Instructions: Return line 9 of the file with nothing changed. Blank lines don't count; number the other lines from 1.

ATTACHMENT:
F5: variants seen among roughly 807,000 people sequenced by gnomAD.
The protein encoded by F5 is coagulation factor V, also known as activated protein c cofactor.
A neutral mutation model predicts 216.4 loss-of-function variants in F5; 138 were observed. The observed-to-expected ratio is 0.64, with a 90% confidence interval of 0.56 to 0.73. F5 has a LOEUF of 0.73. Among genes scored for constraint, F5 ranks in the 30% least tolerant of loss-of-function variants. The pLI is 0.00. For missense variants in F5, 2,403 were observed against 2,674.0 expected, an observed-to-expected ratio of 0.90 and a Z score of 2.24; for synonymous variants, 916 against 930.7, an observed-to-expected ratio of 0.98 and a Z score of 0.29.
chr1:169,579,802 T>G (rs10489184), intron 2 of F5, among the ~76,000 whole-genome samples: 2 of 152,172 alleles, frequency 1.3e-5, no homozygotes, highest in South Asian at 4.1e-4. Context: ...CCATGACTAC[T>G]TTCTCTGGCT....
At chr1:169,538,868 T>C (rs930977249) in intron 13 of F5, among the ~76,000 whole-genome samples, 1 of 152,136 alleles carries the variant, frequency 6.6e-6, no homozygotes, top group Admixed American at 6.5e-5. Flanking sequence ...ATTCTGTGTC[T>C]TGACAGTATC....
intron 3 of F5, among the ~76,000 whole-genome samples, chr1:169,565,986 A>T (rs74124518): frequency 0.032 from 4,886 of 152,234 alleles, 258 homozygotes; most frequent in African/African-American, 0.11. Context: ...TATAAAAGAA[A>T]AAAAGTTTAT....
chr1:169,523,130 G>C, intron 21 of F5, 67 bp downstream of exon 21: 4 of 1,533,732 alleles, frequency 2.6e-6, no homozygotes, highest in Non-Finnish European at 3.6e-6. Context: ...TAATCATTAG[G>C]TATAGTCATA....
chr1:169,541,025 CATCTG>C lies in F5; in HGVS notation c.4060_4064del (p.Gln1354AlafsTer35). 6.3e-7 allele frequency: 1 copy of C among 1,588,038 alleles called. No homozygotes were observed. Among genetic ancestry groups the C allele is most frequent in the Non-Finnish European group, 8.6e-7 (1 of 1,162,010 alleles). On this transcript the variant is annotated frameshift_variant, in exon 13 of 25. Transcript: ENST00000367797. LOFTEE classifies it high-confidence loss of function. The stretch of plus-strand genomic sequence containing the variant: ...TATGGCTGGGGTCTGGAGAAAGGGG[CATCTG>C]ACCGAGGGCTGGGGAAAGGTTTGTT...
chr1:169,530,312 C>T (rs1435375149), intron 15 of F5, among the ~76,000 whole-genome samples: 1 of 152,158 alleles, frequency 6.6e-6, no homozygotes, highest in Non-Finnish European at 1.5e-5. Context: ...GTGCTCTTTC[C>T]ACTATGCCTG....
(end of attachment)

chr1:169,530,312 C>T (rs1435375149), intron 15 of F5, among the ~76,000 whole-genome samples: 1 of 152,158 alleles, frequency 6.6e-6, no homozygotes, highest in Non-Finnish European at 1.5e-5. Context: ...GTGCTCTTTC[C>T]ACTATGCCTG....